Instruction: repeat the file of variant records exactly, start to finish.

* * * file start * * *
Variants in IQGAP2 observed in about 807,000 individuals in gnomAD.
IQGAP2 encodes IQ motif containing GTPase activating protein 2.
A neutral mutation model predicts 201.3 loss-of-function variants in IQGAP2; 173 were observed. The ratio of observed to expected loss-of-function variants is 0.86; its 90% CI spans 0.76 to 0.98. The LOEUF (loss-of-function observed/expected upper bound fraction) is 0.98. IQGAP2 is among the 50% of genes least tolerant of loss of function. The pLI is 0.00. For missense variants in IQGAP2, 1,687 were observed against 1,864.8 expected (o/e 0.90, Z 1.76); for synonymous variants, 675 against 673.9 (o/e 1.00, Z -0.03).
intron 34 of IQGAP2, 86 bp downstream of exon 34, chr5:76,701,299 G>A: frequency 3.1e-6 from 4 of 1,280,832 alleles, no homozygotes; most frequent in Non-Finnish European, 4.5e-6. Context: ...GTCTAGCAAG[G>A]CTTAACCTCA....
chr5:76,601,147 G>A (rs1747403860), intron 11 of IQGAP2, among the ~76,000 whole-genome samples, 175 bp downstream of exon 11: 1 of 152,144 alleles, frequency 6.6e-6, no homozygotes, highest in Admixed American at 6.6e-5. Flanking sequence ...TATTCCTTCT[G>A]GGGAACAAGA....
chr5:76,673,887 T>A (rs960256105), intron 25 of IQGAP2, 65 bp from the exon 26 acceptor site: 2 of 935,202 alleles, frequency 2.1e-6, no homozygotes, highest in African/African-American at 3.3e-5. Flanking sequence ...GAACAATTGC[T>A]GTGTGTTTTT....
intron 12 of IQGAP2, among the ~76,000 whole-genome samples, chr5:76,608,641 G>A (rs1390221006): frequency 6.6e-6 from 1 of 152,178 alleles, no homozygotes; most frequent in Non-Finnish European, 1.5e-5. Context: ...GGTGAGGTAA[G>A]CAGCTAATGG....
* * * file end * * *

Variants in IQGAP2 observed in about 807,000 individuals in gnomAD.
IQGAP2 encodes IQ motif containing GTPase activating protein 2.
A neutral mutation model predicts 201.3 loss-of-function variants in IQGAP2; 173 were observed. The ratio of observed to expected loss-of-function variants is 0.86; its 90% CI spans 0.76 to 0.98. The LOEUF (loss-of-function observed/expected upper bound fraction) is 0.98. IQGAP2 is among the 50% of genes least tolerant of loss of function. The pLI is 0.00. For missense variants in IQGAP2, 1,687 were observed against 1,864.8 expected (o/e 0.90, Z 1.76); for synonymous variants, 675 against 673.9 (o/e 1.00, Z -0.03).
intron 34 of IQGAP2, 86 bp downstream of exon 34, chr5:76,701,299 G>A: frequency 3.1e-6 from 4 of 1,280,832 alleles, no homozygotes; most frequent in Non-Finnish European, 4.5e-6. Context: ...GTCTAGCAAG[G>A]CTTAACCTCA....
chr5:76,601,147 G>A (rs1747403860), intron 11 of IQGAP2, among the ~76,000 whole-genome samples, 175 bp downstream of exon 11: 1 of 152,144 alleles, frequency 6.6e-6, no homozygotes, highest in Admixed American at 6.6e-5. Flanking sequence ...TATTCCTTCT[G>A]GGGAACAAGA....
chr5:76,673,887 T>A (rs960256105), intron 25 of IQGAP2, 65 bp from the exon 26 acceptor site: 2 of 935,202 alleles, frequency 2.1e-6, no homozygotes, highest in African/African-American at 3.3e-5. Flanking sequence ...GAACAATTGC[T>A]GTGTGTTTTT....
intron 12 of IQGAP2, among the ~76,000 whole-genome samples, chr5:76,608,641 G>A (rs1390221006): frequency 6.6e-6 from 1 of 152,178 alleles, no homozygotes; most frequent in Non-Finnish European, 1.5e-5. Context: ...GGTGAGGTAA[G>A]CAGCTAATGG....